Arloth, J., Bogdan, R., Weber, P., Frishman, G., Menke, A., Wagner, K., Balsevich, G., Schmidt, M., Karbalai, N., Czamara, D., Altmann, A., Trümbach, D., Wurst, W., Mehta, D., Uhr, M., Klengel, T., Erhardt, A., Carey, C., Conley, E., Ruepp, A., Müller-Myhsok, B., Hariri, A., & Binder, E. (2015). Genetic Differences in the Immediate Transcriptome Response to Stress Predict Risk-Related Brain Function and Psychiatric Disorders Neuron, 86 (5), 1189-1202 DOI: 10.1016/j.neuron.2015.05.034

Favre, M., La Mendola, D., Meystre, J., Christodoulou, D., Cochrane, M., Markram, H., & Markram, K. (2015). Predictable enriched environment prevents development of hyper-emotionality in the VPA rat model of autism Frontiers in Neuroscience, 9 DOI: 10.3389/fnins.2015.00127

Gleason, C., Dowling, N., Wharton, W., Manson, J., Miller, V., Atwood, C., Brinton, E., Cedars, M., Lobo, R., Merriam, G., Neal-Perry, G., Santoro, N., Taylor, H., Black, D., Budoff, M., Hodis, H., Naftolin, F., Harman, S., & Asthana, S. (2015). Effects of Hormone Therapy on Cognition and Mood in Recently Postmenopausal Women: Findings from the Randomized, Controlled KEEPS–Cognitive and Affective Study PLOS Medicine, 12 (6) DOI: 10.1371/journal.pmed.1001833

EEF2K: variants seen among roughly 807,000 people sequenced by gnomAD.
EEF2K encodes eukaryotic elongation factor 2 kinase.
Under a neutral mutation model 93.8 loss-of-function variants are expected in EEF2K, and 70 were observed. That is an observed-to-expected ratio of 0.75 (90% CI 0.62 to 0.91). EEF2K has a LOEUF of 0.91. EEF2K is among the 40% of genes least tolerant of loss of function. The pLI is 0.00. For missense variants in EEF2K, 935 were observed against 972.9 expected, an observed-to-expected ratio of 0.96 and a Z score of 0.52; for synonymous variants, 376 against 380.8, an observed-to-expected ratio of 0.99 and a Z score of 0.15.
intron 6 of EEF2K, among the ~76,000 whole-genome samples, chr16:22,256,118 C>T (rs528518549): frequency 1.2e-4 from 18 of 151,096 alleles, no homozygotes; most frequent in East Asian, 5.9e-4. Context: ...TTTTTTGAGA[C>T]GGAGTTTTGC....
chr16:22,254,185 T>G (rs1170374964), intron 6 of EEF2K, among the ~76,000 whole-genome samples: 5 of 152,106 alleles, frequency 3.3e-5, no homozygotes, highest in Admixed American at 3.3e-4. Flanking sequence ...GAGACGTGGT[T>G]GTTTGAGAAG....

Grant, B., Goldstein, R., Saha, T., Chou, S., Jung, J., Zhang, H., Pickering, R., Ruan, W., Smith, S., Huang, B., & Hasin, D. (2015). Epidemiology of Alcohol Use DisorderJAMA Psychiatry DOI: 10.1001/jamapsychiatry.2015.0584

Miller, J., Kahle, S., & Hastings, P. (2015). Roots and Benefits of Costly Giving: Children Who Are More Altruistic Have Greater Autonomic Flexibility and Less Family Wealth Psychological Science DOI: 10.1177/0956797615578476

O’Brien, D., & Sampson, R. (2015). Public and Private Spheres of Neighborhood Disorder: Assessing Pathways to Violence Using Large-scale Digital Records Journal of Research in Crime and Delinquency, 52 (4), 486-510 DOI: 10.1177/0022427815577835

Sheldon OJ, & Fishbach A (2015). Anticipating and Resisting the Temptation to Behave Unethically. Personality & social psychology bulletin, 41 (7), 962-75 PMID: 26001580

Sugiyama, H., Oshida, A., Thueneman, P., Littell, S., Katayama, A., Kashiwagi, M., Hikichi, S., & Herz, R. (2015). Proustian Products are Preferred: The Relationship Between Odor-Evoked Memory and Product Evaluation Chemosensory Perception DOI: 10.1007/s12078-015-9182-y

Image via lightpoet / Shutterstock.

Carla Clark, PhD

Carla Clark, PhD, is BrainBlogger's Lead Editor and Psychology and Psychiatry Section Editor. A scientific consultant, writer, and researcher in a variety of fields including psychology and neuropsychology, as well as biotechnology, molecular biology, and biophysical chemistry, you can follow her on Facebook or Twitter @GeekReports